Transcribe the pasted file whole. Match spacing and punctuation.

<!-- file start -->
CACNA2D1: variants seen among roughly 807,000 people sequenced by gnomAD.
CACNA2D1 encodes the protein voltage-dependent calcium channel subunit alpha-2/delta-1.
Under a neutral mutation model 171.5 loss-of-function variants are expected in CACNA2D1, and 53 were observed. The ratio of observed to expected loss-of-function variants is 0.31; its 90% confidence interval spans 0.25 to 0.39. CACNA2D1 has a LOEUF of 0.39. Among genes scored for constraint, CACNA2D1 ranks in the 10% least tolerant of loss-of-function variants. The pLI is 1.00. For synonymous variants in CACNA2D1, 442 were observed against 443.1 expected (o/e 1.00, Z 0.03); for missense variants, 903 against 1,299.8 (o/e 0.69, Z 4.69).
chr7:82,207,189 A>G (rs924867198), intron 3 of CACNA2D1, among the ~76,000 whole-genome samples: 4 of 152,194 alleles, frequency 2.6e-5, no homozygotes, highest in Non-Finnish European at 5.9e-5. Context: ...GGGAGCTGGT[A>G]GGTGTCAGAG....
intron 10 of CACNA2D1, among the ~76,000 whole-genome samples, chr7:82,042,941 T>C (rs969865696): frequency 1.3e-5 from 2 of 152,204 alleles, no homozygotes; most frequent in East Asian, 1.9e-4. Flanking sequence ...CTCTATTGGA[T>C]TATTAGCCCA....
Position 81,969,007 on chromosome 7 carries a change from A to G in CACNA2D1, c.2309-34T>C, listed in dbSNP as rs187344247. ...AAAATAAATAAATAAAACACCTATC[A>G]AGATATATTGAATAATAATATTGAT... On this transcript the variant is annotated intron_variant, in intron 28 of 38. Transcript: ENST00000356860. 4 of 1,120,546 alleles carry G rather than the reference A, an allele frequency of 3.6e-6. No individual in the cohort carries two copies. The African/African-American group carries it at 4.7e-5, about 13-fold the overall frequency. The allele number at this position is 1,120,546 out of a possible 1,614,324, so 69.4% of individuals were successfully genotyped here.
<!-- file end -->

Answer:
CACNA2D1: variants seen among roughly 807,000 people sequenced by gnomAD.
CACNA2D1 encodes the protein voltage-dependent calcium channel subunit alpha-2/delta-1.
Under a neutral mutation model 171.5 loss-of-function variants are expected in CACNA2D1, and 53 were observed. The ratio of observed to expected loss-of-function variants is 0.31; its 90% confidence interval spans 0.25 to 0.39. CACNA2D1 has a LOEUF of 0.39. Among genes scored for constraint, CACNA2D1 ranks in the 10% least tolerant of loss-of-function variants. The pLI is 1.00. For synonymous variants in CACNA2D1, 442 were observed against 443.1 expected (o/e 1.00, Z 0.03); for missense variants, 903 against 1,299.8 (o/e 0.69, Z 4.69).
chr7:82,207,189 A>G (rs924867198), intron 3 of CACNA2D1, among the ~76,000 whole-genome samples: 4 of 152,194 alleles, frequency 2.6e-5, no homozygotes, highest in Non-Finnish European at 5.9e-5. Context: ...GGGAGCTGGT[A>G]GGTGTCAGAG....
intron 10 of CACNA2D1, among the ~76,000 whole-genome samples, chr7:82,042,941 T>C (rs969865696): frequency 1.3e-5 from 2 of 152,204 alleles, no homozygotes; most frequent in East Asian, 1.9e-4. Flanking sequence ...CTCTATTGGA[T>C]TATTAGCCCA....
Position 81,969,007 on chromosome 7 carries a change from A to G in CACNA2D1, c.2309-34T>C, listed in dbSNP as rs187344247. ...AAAATAAATAAATAAAACACCTATC[A>G]AGATATATTGAATAATAATATTGAT... On this transcript the variant is annotated intron_variant, in intron 28 of 38. Transcript: ENST00000356860. 4 of 1,120,546 alleles carry G rather than the reference A, an allele frequency of 3.6e-6. No individual in the cohort carries two copies. The African/African-American group carries it at 4.7e-5, about 13-fold the overall frequency. The allele number at this position is 1,120,546 out of a possible 1,614,324, so 69.4% of individuals were successfully genotyped here.